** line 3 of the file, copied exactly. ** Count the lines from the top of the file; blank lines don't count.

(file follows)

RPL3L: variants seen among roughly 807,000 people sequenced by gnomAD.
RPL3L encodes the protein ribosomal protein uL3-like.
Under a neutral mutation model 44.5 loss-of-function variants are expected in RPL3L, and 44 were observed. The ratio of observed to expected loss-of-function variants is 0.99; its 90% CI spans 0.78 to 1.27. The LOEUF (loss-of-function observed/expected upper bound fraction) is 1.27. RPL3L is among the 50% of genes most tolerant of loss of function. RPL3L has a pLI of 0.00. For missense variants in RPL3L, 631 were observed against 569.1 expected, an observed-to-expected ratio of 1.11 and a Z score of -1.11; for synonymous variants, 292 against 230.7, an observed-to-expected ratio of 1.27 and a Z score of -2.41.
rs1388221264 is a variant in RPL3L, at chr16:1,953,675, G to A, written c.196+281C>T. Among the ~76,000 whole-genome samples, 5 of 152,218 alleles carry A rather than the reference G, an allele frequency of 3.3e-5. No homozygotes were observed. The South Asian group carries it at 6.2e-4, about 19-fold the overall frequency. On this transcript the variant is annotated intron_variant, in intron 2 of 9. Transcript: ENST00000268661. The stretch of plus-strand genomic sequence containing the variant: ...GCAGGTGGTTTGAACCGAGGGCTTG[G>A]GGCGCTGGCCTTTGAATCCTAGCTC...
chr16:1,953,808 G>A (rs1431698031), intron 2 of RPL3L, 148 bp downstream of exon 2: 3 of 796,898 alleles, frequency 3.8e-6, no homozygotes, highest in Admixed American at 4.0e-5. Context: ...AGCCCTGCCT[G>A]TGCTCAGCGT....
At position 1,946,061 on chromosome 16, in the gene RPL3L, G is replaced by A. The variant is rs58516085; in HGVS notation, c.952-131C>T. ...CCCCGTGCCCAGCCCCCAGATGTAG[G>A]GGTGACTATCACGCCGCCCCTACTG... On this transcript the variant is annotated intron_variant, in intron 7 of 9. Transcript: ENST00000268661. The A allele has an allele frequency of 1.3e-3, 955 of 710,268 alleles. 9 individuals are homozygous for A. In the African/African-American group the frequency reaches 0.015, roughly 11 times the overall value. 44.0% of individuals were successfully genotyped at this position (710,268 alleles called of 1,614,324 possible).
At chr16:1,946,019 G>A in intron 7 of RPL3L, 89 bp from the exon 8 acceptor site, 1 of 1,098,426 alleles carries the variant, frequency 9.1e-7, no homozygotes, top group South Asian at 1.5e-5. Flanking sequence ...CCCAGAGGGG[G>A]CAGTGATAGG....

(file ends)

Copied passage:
Under a neutral mutation model 44.5 loss-of-function variants are expected in RPL3L, and 44 were observed. The ratio of observed to expected loss-of-function variants is 0.99; its 90% CI spans 0.78 to 1.27. The LOEUF (loss-of-function observed/expected upper bound fraction) is 1.27. RPL3L is among the 50% of genes most tolerant of loss of function. RPL3L has a pLI of 0.00. For missense variants in RPL3L, 631 were observed against 569.1 expected, an observed-to-expected ratio of 1.11 and a Z score of -1.11; for synonymous variants, 292 against 230.7, an observed-to-expected ratio of 1.27 and a Z score of -2.41.